We live and work in a world of email overload. In fact, it’s not uncommon these days to have to deal with hundreds of new messages every day.
Getting your email read, understood, and dealt with in this sea of information is no easy task. It’s especially difficult when the people you need answers from are exceptionally busy themselves and probably only glancing at emails as they dash between meetings.
There are a few simple tricks and email etiquette tips that can help you get your message read. Here’s our top seven.
#1 Write clear and concise subject lines
The subject line is by far the most important part of your email. A poorly chosen subject line is, at best, inconsiderate (since the recipient won’t know how to prioritise your message), and at worst can mean your message goes unread.
Help people out by using lines that make it clear why you have sent them an email and what action, if any, is required. George Ambler suggests using subjects that begin with ‘action required’, ‘decision needed’, or ‘for review’ or — if no action is necessary — adding a simple ‘FYI’. Remember to try and keep subject lines to under 75 characters so that they are visible on smartphone screens.
#2 Make judicious use of the ‘high importance’ flag
Most email programs, like Outlook, allow you to identify certain messages as being of high priority by attaching a ‘high importance’ (there’s also a ‘low importance’ flag, but have you ever seen that used?). Resist the urge to attach this flag to most messages and reserve it only for those that are genuinely urgent. Overuse this function and you’ll be like the boy who cried wolf — ignored.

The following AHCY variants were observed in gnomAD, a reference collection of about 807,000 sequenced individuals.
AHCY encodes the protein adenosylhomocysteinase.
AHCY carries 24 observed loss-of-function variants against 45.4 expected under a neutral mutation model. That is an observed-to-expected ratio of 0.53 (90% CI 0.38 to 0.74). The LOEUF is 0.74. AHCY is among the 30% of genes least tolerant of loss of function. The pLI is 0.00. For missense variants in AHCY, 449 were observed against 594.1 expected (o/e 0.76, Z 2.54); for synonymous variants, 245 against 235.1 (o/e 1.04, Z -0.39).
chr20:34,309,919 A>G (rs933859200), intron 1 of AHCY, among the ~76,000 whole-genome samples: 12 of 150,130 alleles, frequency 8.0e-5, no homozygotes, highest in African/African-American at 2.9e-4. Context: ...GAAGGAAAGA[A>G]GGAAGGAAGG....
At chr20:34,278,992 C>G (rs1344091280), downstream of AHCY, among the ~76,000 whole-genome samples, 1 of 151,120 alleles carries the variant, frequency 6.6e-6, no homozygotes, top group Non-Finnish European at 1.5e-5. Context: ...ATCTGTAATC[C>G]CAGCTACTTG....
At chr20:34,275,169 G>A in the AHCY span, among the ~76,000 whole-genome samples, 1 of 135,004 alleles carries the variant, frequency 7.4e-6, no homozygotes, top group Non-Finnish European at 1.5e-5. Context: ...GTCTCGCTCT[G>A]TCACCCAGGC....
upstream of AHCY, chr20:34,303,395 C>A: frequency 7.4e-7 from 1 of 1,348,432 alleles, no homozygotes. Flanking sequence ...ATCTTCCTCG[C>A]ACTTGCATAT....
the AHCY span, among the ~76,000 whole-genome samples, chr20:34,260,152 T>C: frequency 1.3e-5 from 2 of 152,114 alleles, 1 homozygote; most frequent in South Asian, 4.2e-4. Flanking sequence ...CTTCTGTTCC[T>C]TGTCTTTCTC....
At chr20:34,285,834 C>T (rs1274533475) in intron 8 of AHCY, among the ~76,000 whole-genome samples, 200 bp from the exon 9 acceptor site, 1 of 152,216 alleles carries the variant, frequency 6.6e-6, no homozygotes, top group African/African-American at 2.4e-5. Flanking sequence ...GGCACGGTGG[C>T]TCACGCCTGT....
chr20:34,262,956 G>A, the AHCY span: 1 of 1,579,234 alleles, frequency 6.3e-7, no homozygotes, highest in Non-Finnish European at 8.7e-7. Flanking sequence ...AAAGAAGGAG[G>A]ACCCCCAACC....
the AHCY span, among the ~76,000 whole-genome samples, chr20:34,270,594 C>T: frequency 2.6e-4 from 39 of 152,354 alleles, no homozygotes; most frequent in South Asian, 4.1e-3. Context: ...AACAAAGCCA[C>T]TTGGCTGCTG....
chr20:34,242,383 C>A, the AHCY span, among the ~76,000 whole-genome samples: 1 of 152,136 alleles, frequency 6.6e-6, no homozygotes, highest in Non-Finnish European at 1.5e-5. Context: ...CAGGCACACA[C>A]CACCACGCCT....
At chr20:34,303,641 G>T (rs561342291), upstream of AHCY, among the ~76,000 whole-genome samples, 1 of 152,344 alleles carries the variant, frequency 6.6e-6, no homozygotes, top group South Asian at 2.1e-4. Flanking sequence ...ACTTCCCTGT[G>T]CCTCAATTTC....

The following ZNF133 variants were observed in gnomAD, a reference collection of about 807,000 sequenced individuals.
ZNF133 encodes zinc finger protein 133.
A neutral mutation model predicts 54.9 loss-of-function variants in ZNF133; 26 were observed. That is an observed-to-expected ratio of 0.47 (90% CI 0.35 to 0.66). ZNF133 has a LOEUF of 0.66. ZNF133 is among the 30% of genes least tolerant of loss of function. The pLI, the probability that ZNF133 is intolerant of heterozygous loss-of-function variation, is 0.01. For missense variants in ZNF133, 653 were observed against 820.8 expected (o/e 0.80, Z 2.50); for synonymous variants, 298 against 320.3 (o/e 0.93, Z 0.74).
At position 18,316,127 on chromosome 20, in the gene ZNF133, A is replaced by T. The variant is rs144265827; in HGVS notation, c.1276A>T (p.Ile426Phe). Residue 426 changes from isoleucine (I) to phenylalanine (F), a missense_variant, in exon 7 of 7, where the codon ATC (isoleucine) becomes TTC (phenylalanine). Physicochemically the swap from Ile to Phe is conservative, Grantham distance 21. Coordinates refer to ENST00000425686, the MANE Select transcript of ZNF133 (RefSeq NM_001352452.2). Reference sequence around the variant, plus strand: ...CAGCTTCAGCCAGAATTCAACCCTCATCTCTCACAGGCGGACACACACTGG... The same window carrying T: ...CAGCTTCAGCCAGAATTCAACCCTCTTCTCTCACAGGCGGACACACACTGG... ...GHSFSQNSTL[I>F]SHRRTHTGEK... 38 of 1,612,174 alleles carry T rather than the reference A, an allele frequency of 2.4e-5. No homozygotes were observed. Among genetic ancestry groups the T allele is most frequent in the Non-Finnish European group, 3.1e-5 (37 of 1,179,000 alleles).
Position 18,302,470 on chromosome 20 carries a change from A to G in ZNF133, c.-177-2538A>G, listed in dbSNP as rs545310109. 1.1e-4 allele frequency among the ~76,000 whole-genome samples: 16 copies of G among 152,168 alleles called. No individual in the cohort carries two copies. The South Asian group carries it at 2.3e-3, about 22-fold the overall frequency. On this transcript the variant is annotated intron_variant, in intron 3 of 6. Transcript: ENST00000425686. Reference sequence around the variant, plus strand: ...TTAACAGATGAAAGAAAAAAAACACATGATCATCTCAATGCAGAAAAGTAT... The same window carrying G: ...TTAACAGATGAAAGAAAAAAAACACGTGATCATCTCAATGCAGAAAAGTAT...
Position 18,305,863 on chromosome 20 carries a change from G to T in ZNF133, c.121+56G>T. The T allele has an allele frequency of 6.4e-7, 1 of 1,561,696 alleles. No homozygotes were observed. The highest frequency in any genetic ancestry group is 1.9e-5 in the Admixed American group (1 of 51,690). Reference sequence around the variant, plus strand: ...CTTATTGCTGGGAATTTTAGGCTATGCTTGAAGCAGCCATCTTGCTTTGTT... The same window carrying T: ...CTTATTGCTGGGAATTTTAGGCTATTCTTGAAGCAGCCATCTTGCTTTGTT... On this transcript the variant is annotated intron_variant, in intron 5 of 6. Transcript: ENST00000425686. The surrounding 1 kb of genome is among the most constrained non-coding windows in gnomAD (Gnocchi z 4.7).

#3 State right away what is required of the recipient
Email is not the place for long and complex communication. If a longer note is required, it ought perhaps to be written up as a memo. Some people even argue that emails shouldnever exceed five sentences.
Your email is much more likely to receive a response if you keep it short, state exactly why you’re emailing in the first sentence and ask just one thing.
#4 Ask clear, simple, and — whenever possible — closed-ended questions
Few things are more likely to lead to a lengthy chain of messages back and forth than asking an open-ended question (e.g. ‘Where would you like to meet X for lunch?’). Tim Ferriss, author of The 4-Hour Work Week suggests using ‘if-then’ questions. For example, ‘If you have completed the assignment, then please confirm that via e-mail. If not, then please estimate when you expect to finish’. Or, ‘X can meet at 10:00 a.m., 11:00 a.m. or 2:00 p.m. Will one of those times work? If not, would you please reply with three times that would work for you?’
#5 Think carefully about who you Cc
As a general rule, the more people you send an email to the less likely it is that anyone at all will reply. You should only include in the ‘To’ field the person or persons you expect and require to read your email and respond to it. Try to use the ‘Cc’ field sparingly since you risk subjecting these people to being stuck on a series of ‘reply all’ messages that have little or nothing to do with them.
#5 If the email is someone new, say who you are
If the email is to a person you’ve never met before and they don’t know who you are a quick one line of introduction is worthwhile and will save the recipient time either looking you up or asking around. For example, open emails to new people with something simple like ‘My name is X I am X’s Personal Assistant, I am contacting you today for …’
#7 Remember, if it’s urgent, it is almost always better to phone
If you need an immediate response, it’s never appropriate to ask via email. You also risk irritating the person you require a response from, since they may not be able to get back to you immediately because they are in meetings, for example. If something is genuinely urgent make a phone call or, quietly slip a note in front of the person you need a decision from.
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